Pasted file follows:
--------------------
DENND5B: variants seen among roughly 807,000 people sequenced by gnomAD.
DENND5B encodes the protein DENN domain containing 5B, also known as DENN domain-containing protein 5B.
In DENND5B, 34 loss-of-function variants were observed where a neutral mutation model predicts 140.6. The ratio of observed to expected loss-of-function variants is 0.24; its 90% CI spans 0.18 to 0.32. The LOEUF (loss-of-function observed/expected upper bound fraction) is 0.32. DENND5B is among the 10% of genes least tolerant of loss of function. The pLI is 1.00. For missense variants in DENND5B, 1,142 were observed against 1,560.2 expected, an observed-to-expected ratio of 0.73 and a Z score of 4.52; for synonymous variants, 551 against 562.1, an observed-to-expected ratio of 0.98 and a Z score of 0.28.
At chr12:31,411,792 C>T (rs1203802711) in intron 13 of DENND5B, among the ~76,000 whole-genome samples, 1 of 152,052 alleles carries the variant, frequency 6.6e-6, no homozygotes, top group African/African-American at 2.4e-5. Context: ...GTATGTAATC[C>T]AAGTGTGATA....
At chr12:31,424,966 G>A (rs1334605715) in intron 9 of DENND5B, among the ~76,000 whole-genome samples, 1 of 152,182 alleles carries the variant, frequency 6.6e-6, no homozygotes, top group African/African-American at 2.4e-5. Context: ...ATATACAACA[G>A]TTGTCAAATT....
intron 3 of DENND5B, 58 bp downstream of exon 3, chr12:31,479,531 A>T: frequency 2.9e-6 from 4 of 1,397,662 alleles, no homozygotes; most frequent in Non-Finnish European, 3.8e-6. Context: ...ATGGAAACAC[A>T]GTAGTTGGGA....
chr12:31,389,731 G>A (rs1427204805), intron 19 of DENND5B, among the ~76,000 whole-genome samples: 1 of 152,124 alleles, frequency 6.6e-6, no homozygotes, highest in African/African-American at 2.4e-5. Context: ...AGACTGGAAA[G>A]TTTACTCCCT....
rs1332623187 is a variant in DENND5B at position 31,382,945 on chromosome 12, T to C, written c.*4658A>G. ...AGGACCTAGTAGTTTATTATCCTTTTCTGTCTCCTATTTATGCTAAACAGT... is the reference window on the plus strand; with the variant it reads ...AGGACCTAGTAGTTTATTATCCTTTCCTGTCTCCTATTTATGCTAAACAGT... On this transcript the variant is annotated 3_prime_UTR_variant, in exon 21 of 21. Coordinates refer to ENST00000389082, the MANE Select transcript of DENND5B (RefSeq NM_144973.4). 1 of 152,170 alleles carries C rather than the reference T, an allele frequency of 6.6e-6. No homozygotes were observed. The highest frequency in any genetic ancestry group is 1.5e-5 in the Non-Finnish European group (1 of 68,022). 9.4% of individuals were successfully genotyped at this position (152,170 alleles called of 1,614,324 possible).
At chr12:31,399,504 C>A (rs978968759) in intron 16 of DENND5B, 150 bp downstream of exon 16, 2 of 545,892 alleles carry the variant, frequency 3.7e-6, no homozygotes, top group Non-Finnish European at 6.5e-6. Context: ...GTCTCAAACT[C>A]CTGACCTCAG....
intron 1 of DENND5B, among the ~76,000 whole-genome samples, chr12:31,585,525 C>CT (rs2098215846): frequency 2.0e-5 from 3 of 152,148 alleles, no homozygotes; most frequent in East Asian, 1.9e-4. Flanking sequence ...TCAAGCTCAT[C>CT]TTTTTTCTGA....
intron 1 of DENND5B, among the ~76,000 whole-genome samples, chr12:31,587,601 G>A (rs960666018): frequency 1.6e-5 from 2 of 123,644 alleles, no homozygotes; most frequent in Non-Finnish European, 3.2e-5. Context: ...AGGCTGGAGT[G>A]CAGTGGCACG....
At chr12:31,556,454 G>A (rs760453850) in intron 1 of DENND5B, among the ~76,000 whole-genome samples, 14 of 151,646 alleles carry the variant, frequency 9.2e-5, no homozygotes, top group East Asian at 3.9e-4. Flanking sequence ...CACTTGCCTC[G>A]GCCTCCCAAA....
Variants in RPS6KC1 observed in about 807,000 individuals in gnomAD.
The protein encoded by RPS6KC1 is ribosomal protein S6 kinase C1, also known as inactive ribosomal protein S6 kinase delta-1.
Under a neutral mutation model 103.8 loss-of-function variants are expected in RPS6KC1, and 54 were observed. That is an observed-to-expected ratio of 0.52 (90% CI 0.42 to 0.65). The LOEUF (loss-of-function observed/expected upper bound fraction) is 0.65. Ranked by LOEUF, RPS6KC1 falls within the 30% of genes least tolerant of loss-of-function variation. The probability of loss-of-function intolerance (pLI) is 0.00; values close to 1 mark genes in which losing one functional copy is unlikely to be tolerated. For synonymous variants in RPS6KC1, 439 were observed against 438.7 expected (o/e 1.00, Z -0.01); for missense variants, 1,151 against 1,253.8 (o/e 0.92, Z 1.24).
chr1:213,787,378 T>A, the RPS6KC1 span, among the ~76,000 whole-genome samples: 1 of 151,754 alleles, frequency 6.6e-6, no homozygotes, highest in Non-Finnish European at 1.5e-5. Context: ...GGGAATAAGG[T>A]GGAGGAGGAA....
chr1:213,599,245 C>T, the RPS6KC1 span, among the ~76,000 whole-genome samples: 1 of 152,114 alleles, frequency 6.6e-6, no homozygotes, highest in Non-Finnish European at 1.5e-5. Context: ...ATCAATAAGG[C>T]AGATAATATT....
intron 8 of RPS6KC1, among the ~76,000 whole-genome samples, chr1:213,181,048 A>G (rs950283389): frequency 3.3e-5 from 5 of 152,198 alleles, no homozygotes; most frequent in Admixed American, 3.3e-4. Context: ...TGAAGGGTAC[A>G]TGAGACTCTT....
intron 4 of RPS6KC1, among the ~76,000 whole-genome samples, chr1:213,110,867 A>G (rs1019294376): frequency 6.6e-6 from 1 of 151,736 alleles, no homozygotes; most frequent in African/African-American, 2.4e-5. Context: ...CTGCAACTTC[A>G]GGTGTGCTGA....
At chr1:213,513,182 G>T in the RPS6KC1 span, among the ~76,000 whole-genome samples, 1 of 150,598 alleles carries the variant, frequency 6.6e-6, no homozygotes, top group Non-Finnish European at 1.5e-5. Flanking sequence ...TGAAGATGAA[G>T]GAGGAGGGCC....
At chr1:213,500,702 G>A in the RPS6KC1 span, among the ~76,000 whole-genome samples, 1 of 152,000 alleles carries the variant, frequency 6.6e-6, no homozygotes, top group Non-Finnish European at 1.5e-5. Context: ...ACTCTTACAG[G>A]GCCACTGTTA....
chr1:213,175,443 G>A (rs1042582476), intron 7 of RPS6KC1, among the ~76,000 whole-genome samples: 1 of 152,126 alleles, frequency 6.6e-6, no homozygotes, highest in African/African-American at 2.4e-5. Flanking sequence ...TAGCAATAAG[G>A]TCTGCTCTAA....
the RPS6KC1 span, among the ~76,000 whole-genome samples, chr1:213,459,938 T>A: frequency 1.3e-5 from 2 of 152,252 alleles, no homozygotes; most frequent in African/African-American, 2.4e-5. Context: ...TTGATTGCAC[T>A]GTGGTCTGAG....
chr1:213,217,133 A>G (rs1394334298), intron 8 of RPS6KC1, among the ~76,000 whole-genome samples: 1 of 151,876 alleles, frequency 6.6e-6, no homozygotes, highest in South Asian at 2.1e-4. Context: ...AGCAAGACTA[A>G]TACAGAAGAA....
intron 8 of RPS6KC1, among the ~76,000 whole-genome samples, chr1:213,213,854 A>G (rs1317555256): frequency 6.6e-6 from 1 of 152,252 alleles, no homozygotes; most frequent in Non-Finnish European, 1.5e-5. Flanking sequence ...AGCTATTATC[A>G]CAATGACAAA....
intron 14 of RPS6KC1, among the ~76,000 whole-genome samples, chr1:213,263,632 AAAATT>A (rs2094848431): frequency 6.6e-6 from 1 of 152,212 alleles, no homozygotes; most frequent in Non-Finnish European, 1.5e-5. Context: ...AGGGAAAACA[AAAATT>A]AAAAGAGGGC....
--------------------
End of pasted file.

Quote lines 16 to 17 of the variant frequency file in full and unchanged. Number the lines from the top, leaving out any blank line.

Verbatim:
chr1:213,787,378 T>A, the RPS6KC1 span, among the ~76,000 whole-genome samples: 1 of 151,754 alleles, frequency 6.6e-6, no homozygotes, highest in Non-Finnish European at 1.5e-5. Context: ...GGGAATAAGG[T>A]GGAGGAGGAA....
chr1:213,599,245 C>T, the RPS6KC1 span, among the ~76,000 whole-genome samples: 1 of 152,114 alleles, frequency 6.6e-6, no homozygotes, highest in Non-Finnish European at 1.5e-5. Context: ...ATCAATAAGG[C>T]AGATAATATT....